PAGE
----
The first negative January for the S&P 500 since 2010 is giving historians of Wall Street pause, considering that historically a bad January bodes ill for a barometer of the coming year.
According to the Stock Trader’s Almanac, when January is negative the chances of the year finishing in the positive column are roughly 50-50. Jittery investors are seeking safer routes; long-term U.S. Treasury bonds are selling well.
Because the Eurozone’s inflation is much weaker than expected and emerging markets are vacillating, there is even more cause for concern.
On Thursday, the S&P 500 closed at 1,794.19. Bryan Sapp, senior trading analyst at Schaeffer’s Investment Research, said the key number is 1770, asserting, “The 1,770 level on the S&P 500 has held (so far), and it looks like it could provide some support for the market. Meanwhile, the index rallied right up near the round-number 1,800 level yesterday, but retreated on an intraday basis.”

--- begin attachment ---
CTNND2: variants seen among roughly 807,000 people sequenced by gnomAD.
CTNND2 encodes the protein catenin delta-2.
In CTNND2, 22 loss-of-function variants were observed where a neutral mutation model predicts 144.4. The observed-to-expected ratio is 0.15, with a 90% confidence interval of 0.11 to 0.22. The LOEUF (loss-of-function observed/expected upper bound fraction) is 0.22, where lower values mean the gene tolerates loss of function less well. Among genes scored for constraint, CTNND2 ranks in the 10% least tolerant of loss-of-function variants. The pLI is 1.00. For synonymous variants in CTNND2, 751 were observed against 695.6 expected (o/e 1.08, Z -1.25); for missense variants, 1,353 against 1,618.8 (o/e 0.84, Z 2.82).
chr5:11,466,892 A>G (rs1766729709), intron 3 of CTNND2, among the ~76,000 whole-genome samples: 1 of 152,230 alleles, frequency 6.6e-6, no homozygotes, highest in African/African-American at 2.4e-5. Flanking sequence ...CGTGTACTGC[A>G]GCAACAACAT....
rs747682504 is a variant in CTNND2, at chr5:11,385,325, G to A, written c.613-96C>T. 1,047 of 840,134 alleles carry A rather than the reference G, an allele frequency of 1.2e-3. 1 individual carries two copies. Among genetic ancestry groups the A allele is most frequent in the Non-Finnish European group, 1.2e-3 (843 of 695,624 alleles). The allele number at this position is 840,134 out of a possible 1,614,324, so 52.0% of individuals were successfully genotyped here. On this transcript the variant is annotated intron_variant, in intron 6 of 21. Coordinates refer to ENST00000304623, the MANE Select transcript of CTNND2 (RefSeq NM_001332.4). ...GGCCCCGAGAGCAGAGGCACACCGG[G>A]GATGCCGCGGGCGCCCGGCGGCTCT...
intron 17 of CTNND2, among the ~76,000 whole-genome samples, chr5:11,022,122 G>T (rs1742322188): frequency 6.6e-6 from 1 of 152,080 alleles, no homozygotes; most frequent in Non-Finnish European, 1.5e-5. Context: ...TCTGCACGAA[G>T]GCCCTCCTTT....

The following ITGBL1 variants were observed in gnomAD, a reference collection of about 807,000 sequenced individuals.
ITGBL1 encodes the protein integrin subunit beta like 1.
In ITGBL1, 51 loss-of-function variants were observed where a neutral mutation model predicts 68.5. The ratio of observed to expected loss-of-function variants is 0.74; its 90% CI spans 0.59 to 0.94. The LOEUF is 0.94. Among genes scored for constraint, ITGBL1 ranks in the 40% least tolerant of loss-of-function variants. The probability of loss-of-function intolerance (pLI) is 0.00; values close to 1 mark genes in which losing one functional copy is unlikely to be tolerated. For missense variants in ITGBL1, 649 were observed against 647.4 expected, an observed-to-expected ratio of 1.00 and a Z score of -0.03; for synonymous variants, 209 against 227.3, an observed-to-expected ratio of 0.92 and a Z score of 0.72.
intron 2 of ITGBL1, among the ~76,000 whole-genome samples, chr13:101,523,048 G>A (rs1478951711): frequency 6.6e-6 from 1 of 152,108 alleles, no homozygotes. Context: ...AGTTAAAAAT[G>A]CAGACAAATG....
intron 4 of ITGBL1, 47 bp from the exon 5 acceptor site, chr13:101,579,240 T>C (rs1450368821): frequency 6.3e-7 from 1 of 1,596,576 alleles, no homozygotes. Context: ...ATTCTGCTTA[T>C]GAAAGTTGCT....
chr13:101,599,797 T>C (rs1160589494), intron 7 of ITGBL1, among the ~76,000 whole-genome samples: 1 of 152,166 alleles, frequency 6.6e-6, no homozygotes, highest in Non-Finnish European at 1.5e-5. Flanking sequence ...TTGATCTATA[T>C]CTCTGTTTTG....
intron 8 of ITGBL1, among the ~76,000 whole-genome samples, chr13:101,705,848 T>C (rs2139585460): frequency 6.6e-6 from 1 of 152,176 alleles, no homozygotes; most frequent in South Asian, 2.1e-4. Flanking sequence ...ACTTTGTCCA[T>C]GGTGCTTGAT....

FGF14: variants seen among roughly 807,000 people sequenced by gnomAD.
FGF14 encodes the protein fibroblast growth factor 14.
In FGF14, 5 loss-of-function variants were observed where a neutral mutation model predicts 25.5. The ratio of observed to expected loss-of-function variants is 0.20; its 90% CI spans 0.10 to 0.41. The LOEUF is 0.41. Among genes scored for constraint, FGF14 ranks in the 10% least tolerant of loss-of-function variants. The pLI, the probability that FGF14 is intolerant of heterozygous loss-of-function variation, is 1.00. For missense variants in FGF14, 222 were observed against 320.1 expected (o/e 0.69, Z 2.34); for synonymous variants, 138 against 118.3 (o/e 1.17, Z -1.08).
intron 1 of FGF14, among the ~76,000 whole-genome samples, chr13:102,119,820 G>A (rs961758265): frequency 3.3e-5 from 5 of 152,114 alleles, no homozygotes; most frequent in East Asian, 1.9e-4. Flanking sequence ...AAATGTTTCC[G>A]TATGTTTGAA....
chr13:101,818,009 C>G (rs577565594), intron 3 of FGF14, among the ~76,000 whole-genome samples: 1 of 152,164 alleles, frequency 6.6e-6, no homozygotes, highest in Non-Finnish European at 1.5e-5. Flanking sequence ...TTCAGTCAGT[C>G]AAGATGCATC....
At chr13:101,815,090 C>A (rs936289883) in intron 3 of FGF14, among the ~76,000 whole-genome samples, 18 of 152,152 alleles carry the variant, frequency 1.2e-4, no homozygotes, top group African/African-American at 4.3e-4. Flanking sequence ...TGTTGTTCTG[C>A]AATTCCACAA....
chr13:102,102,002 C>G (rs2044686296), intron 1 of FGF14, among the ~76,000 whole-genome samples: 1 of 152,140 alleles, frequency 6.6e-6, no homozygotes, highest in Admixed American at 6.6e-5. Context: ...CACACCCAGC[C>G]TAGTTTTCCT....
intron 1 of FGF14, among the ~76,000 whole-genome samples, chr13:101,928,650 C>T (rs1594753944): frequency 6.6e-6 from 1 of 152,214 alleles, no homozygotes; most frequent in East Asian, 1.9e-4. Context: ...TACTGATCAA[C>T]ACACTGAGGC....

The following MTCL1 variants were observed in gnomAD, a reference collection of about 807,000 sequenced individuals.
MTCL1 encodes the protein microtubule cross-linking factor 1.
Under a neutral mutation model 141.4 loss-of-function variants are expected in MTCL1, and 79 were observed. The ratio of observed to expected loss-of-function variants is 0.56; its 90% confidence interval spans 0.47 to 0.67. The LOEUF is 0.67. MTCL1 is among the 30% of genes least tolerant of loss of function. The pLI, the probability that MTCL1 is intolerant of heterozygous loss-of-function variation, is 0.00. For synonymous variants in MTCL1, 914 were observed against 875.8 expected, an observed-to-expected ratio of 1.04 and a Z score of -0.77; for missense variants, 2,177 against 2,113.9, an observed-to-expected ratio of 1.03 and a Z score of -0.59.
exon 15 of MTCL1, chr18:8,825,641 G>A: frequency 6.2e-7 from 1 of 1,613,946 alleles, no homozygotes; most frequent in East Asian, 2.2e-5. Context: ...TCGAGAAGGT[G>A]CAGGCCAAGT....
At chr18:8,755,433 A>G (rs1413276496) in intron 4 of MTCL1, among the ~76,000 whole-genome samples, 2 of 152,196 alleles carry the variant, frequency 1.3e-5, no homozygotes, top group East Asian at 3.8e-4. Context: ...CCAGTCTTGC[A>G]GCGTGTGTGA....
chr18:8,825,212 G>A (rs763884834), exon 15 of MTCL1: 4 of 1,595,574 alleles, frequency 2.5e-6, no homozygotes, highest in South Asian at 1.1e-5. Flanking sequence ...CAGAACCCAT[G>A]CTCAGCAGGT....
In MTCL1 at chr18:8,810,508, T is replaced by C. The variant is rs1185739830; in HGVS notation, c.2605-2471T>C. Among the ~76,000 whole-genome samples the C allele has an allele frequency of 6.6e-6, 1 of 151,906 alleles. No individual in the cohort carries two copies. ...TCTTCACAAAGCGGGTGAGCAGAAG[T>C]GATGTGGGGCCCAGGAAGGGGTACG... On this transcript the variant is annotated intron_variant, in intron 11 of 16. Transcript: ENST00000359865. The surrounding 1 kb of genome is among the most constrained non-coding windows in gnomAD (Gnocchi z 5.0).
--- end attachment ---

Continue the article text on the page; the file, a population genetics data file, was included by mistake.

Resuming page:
“Going forward, the bulls will want to see this area taken out, as it could be a sign that the market is ready to resume its longer-term uptrend,” he claimed.